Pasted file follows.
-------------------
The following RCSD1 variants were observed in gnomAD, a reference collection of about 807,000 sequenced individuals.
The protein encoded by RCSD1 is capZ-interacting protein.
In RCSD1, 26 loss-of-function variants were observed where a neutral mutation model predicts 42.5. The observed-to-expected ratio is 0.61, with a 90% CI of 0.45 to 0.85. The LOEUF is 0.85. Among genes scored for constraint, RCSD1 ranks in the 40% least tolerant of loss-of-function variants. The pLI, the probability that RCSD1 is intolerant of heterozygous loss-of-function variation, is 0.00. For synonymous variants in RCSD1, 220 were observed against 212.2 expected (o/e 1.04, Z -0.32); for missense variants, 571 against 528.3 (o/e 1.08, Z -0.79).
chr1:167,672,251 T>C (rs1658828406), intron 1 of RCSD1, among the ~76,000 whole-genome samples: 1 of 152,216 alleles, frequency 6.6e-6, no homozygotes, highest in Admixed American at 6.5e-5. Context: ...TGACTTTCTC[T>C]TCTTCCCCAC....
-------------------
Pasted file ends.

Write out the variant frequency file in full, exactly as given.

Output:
The following RCSD1 variants were observed in gnomAD, a reference collection of about 807,000 sequenced individuals.
The protein encoded by RCSD1 is capZ-interacting protein.
In RCSD1, 26 loss-of-function variants were observed where a neutral mutation model predicts 42.5. The observed-to-expected ratio is 0.61, with a 90% CI of 0.45 to 0.85. The LOEUF is 0.85. Among genes scored for constraint, RCSD1 ranks in the 40% least tolerant of loss-of-function variants. The pLI, the probability that RCSD1 is intolerant of heterozygous loss-of-function variation, is 0.00. For synonymous variants in RCSD1, 220 were observed against 212.2 expected (o/e 1.04, Z -0.32); for missense variants, 571 against 528.3 (o/e 1.08, Z -0.79).
chr1:167,672,251 T>C (rs1658828406), intron 1 of RCSD1, among the ~76,000 whole-genome samples: 1 of 152,216 alleles, frequency 6.6e-6, no homozygotes, highest in Admixed American at 6.5e-5. Context: ...TGACTTTCTC[T>C]TCTTCCCCAC....